This question was submitted by Sara. Researched and answered by Advanced Master Gardener Elaine.
What is your question for a Master Gardener?
I have purchased Lilacs and Hydrangea for my yard in New Palestine. They are in those buckets from Home Depot. I know the best time to plant is Fall or Spring. Should I wait to plant these until September? thanks
It’s good to hear from you again. It sounds like you’ve been busy in your yard.
You are correct that the best time to plan shrubs (or trees) is either Spring or Fall. Fall is usually the preferable time if you are looking to lighten your workload as there is less time until frost to have to water the specimen ( studies have shown root growth to occur down to 40 degrees F.). Otherwise, with Spring planting, you will need to make sure the plant has sufficient water to sustain new root growth the first year. If It is a year with drought, you will be spending a lot of weeks doing that. With Fall planting, the roots should have enough time to establish themselves before the plant goes dormant. The one guiding principle to remember when adding something to your landscape is without a sufficient root system, you have no plant. So when it comes to deciding when to plant something, let that be your guide.
While most sources recommend not planting a woody plant in the middle of summer when temperatures are high, interestingly, I found at least two sources that indicated it can be done for plants grown in containers, which sounds like what you have. You should not attempt planting a bare root or “balled and burlaped” tree or shrub in the middle of the summer. This is because the root systems of both types have been disrupted and planting during the hottest part of the season will add even more stress to the plant. Those trees or shrubs grown in containers have root systems that will not be as disrupted and MAY NOT be as stressed. However, I would use caution if you decide that you want to plant now. I would plant the shrub in the evening as temperatures are cooling down. Water profusely. Do not fertilize at planting as that will add more stress to the plant to produce foliage. Remember, root growth is your focus the first year of a plant’s life. You can fertilize once the specimen has established itself. Do not heavily prune at planting; only remove dead branches, etc. Be sure to check everyday for signs of stress. Water thoroughly when rainfall is absent or insuffient. The shrub will need a minimum of a gallon a week; more when it’s extremely hot. The goal is to make a smooth transition from the pot to the ground and irritate the plant as little as possible.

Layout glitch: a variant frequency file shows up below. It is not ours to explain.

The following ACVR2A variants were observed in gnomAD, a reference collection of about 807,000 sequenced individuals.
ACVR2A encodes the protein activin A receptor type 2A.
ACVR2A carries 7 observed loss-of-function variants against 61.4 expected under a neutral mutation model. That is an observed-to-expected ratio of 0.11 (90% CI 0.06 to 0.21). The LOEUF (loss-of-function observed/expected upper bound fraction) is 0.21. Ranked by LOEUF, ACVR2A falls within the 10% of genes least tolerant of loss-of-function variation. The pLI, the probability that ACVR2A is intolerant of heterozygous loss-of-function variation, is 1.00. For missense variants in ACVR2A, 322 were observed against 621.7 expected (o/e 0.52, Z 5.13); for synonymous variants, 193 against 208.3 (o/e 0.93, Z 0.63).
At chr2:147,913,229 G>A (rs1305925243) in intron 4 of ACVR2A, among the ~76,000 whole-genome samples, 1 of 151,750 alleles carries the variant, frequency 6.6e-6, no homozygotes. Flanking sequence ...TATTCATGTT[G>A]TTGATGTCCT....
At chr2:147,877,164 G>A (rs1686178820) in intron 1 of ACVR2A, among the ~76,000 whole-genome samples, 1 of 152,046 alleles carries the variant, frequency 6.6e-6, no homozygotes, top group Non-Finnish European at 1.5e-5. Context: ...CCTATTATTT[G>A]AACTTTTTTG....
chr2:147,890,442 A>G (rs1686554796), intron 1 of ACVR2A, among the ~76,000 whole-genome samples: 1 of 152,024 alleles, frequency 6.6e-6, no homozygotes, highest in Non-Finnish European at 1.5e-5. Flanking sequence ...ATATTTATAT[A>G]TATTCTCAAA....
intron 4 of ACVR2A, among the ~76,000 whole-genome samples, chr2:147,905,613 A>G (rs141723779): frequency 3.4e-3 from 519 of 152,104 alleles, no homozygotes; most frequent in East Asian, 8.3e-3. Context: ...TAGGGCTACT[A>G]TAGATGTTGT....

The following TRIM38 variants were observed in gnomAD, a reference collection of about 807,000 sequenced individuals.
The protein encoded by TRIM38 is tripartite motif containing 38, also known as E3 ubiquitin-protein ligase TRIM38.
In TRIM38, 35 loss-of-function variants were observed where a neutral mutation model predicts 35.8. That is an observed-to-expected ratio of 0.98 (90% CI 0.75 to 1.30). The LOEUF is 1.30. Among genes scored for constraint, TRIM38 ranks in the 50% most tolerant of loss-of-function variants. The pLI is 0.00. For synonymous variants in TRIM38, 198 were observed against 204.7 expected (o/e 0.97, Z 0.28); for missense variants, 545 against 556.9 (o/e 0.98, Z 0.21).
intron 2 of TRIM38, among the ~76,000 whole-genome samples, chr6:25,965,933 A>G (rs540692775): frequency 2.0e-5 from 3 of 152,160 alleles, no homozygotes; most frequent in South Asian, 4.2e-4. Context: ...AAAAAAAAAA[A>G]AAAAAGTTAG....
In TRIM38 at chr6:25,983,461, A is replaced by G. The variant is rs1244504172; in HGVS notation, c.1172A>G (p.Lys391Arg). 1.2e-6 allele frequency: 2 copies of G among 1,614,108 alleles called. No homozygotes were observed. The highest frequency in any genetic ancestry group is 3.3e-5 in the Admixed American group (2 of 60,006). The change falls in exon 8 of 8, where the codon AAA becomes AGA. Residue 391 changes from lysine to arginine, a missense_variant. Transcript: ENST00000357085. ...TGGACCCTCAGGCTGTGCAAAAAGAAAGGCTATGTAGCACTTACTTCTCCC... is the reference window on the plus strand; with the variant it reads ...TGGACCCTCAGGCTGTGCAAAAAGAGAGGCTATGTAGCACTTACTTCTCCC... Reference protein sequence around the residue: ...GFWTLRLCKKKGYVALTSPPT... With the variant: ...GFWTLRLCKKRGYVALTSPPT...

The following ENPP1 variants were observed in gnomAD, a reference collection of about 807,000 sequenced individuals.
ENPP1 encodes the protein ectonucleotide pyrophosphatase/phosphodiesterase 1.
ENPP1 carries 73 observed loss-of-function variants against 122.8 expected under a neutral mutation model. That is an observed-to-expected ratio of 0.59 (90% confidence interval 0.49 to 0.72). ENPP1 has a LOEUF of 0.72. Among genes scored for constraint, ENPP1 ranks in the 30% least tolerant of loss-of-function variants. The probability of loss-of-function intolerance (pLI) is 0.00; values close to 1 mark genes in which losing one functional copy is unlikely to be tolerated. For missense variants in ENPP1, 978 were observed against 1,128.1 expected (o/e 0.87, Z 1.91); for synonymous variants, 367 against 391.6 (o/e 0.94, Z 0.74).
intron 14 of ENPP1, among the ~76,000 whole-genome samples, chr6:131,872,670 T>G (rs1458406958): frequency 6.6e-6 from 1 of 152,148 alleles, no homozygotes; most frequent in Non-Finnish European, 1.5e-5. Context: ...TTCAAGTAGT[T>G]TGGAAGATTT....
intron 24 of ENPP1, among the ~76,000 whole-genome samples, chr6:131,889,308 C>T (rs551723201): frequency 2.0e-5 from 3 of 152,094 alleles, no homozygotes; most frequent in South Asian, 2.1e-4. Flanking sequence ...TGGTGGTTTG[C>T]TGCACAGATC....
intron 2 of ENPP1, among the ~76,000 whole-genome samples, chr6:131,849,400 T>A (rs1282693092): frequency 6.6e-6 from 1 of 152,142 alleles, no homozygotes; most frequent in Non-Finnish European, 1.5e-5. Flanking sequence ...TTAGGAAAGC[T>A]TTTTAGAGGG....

If you can wait until September to plant, that would be ideal, however, there are situations where it is not practical to leave the specimen in the pot. If something appears to be very root bound, it needs to come out of the pot. You can replant it in a large pot and wait until September but if you have nothing larger to put it in, then you might want to go ahead and plant it.
There are few woody plants that can be planted most anytime, except when the ground is frozen, but Lilacs and Hydrangeas are not one of them. If you do decide to plant them now, just be very attentive to their needs.
Elaine; Hancock County Master Gardener Association